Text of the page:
Katherine Taylor, PhD,
Board Member

  "Never did anyone imagine when we were formulating our hopes for 2020 what a year it would be! As I reviewed what I wrote a year ago, my head was spinning. My hopes for 2021 are mainly focused on repairing and rebuilding what we lost in 2020, both globally and nationally, including: healthcare systems; reinforcing and expanding health provider training to compensate for our losses as well as build resilience in our systems; an equitable and just distribution of healthcare, including COVID therapeutics and vaccines; and that the U.S. will rejoin the international global health community to control COVID and prepare for future pandemics. Finally, I hope for the mending of all those who have lost loved ones in the last year or are struggling financially and those who are forced by war and other violent circumstances to find safe haven.” 


Patricia F. Walker, MD, DTM&H, FASTMH, Board Advisor
  “My hopes for 2021 are many and varied. I hope for widespread and equitable distribution of SARS-CoV-2 vaccines worldwide. I hope that we speak more about compassion: compassion for each other, and for the planet. By doing so, perhaps it will help us focus more on a shared vision and shared goals for the planet. Focusing on what divides us only serves to inflame nationalism, separate us from other fellow human beings, and keeps us from doing what is right. In my particular area of expertise, I hope for much needed changes in U.S. policy toward refugees and migrants. As we rejoin the WHO, and support the UN, we must also revisit U.S. policy toward refugees, asylum seekers and other migrants. International human rights laws exist; the U.S. and other countries should commit to following them. I hope for more concerted worldwide efforts toward combating climate change, which impacts us all so greatly.  I hope for more joy and more laughter in our everyday lives, and with each other. And I hope to see you all in person at ASTMH 2021!"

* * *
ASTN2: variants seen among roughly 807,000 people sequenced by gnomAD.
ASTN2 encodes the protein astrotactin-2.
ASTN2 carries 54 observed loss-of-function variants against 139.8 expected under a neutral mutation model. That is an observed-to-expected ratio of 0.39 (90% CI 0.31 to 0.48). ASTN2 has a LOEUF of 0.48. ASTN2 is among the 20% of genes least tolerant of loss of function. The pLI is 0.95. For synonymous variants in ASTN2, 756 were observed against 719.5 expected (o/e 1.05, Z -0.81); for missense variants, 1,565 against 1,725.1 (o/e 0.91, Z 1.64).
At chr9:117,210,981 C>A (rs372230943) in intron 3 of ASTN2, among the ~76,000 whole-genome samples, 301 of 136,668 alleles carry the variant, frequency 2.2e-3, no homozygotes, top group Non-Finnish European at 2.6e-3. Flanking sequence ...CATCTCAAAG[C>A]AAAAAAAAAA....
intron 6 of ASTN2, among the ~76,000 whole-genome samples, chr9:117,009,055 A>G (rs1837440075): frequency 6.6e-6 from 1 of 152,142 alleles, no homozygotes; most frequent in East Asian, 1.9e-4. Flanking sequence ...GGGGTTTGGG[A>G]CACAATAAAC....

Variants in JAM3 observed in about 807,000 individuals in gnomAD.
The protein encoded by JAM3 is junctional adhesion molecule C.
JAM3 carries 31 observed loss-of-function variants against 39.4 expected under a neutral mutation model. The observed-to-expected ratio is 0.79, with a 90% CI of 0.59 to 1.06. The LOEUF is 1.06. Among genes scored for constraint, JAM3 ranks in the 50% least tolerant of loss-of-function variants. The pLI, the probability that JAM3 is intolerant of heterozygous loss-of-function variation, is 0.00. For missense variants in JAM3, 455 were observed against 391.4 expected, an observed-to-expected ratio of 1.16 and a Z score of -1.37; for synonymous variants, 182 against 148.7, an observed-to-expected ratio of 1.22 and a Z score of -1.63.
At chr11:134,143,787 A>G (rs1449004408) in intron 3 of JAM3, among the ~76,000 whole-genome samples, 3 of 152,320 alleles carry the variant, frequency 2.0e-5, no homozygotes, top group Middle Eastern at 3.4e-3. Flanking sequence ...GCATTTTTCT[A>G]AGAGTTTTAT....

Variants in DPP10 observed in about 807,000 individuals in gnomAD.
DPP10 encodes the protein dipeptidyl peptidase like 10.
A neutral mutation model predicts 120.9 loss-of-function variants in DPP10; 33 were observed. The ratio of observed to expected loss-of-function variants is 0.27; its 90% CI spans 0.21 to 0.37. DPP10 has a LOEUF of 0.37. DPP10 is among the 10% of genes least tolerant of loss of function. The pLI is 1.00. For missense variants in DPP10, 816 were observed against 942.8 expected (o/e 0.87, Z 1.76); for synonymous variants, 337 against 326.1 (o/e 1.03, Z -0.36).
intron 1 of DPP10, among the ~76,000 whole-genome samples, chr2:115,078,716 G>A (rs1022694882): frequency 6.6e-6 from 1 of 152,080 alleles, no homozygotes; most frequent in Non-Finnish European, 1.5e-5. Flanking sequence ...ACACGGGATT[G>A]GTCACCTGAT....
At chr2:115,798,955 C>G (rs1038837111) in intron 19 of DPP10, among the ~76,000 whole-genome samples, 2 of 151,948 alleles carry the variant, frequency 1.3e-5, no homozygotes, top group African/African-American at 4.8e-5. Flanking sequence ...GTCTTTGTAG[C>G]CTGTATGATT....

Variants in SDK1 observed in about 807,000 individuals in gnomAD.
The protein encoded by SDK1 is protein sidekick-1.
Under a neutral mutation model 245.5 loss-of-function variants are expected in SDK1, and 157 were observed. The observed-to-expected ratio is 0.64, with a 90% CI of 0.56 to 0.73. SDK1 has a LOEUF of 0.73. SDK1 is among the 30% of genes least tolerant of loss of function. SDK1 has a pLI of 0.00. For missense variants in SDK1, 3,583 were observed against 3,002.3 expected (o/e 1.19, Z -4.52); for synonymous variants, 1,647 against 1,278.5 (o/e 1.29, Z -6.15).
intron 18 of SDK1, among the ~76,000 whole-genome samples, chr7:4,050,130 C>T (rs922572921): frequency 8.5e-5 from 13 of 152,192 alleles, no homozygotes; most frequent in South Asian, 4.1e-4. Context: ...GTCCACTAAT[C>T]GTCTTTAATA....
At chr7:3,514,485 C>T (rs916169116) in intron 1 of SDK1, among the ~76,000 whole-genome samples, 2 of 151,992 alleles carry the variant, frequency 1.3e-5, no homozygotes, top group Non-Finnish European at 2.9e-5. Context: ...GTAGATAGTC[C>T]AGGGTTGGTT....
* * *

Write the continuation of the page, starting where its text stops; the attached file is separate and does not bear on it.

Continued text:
Karen A. Goraleski,
  "My hope for 2021 is that the awakening so many of us had to the deeply entrenched racist thinking and practices that are part of our everyday world will be the path to transformation. For ASTMH, this means a commitment to an unabashed look at the research community’s role in perpetuating these wrongs. With this candid and painful look back, only then we can be informed and stand tall with all the voices and communities that we have pledged to serve since our beginnings in 1903."